NOVEMBER 23, 2015
Bundled Payments for Care Improvement Initiative
The Centers for Medicare and Medicaid Services is testing how to pay providers for episodes of care instead of for individual services.
|What's the issue?|
The Affordable Care Act (ACA) gave the Centers for Medicare and Medicaid Services (CMS) broad authority to test out new payment models that have the potential to reduce Medicare spending, as long as those models preserve or enhance the quality of care provided to beneficiaries. Sylvia Mathews Burwell, secretary for health and human services, has committed to tying 50 percent of Medicare payments to these new alternative payment models by the end of 2018.
The Center for Medicare and Medicaid Innovation (CMMI) within CMS is testing a variety of new approaches, including paying providers for episodes of care instead of for each service provided. The Bundled Payments for Care Improvement (BPCI) initiative tests four different models based on episodes of care that involve an inpatient hospital stay. One model focuses on care provided during the hospital stay, while the other three models include postacute care provided once the patient is released from the hospital. CMS hopes that by paying for related care as part of a broad payment bundle, different providers that treat a patient during a single episode will have incentives to better coordinate care, avoid unnecessary services, and improve patient health. Most of the savings are expected to come from reducing spending on physician services during the hospital stay and efficiencies in providing postacute care.
This brief describes the different models being tested and CMS's experience with the project to date.
|What's the background?|
Medicare pays for services under original or fee-for-service Medicare, using distinct and separate payment systems for each type of service (physician, hospital inpatient, hospital outpatient, skilled nursing facility, and so forth). Some systems make a single payment for a bundle of services furnished by a provider to a patient, such as the lump sum payment made under the inpatient prospective payment system (IPPS) for hospital services provided to a Medicare beneficiary during an inpatient hospital stay. Other systems, such as the physician fee schedule, pay individually for each service.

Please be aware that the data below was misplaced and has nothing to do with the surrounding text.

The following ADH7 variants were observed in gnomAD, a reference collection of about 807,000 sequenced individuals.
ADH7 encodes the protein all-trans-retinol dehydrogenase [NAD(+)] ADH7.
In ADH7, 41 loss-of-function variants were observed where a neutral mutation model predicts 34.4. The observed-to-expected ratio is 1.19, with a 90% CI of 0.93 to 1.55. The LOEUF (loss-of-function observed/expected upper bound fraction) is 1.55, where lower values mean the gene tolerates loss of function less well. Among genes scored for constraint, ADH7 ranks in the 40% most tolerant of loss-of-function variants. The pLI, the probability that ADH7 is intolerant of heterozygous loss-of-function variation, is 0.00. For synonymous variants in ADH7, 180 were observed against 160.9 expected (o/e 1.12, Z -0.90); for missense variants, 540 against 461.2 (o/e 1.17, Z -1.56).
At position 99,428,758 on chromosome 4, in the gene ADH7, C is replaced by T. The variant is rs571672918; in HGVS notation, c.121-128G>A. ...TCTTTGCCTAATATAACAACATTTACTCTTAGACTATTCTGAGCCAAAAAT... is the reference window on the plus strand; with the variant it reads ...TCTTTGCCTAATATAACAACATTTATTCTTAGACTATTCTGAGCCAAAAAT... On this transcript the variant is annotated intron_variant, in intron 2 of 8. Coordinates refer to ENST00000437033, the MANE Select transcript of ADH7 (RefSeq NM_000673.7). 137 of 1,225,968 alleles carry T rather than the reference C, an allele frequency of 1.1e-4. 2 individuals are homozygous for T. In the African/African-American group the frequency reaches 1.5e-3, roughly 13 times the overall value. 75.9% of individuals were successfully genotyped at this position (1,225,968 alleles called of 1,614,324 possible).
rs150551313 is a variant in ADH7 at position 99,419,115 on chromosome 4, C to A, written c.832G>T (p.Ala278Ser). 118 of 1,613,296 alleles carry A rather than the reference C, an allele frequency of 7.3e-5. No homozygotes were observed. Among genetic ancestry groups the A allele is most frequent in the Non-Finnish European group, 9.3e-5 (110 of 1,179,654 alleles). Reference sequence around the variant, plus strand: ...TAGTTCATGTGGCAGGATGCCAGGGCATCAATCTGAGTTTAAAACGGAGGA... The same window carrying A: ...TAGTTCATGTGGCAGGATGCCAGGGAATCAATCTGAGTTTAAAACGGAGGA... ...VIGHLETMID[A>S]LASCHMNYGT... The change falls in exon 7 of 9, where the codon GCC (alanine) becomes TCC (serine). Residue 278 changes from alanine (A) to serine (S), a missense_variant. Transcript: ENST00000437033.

These distinct payment systems often lead to wide variation in reimbursement. Because the payment systems use different methodologies and data to set payment rates, Medicare may pay one type of provider more than another for furnishing the same service.
In addition, none of these systems give providers a strong incentive to pay attention to related care the patient receives in other settings. For example, a beneficiary who breaks her hip might be treated in a hospital that is paid under the IPPS by a physician who is paid under the physician fee schedule. She may then be transferred to a skilled nursing facility for postacute care and rehabilitation services that are paid under the skilled nursing facility prospective payment system. None of the individual providers caring for the patient have an incentive to coordinate care across these different settings or seek the most efficient care setting based on the patient's needs.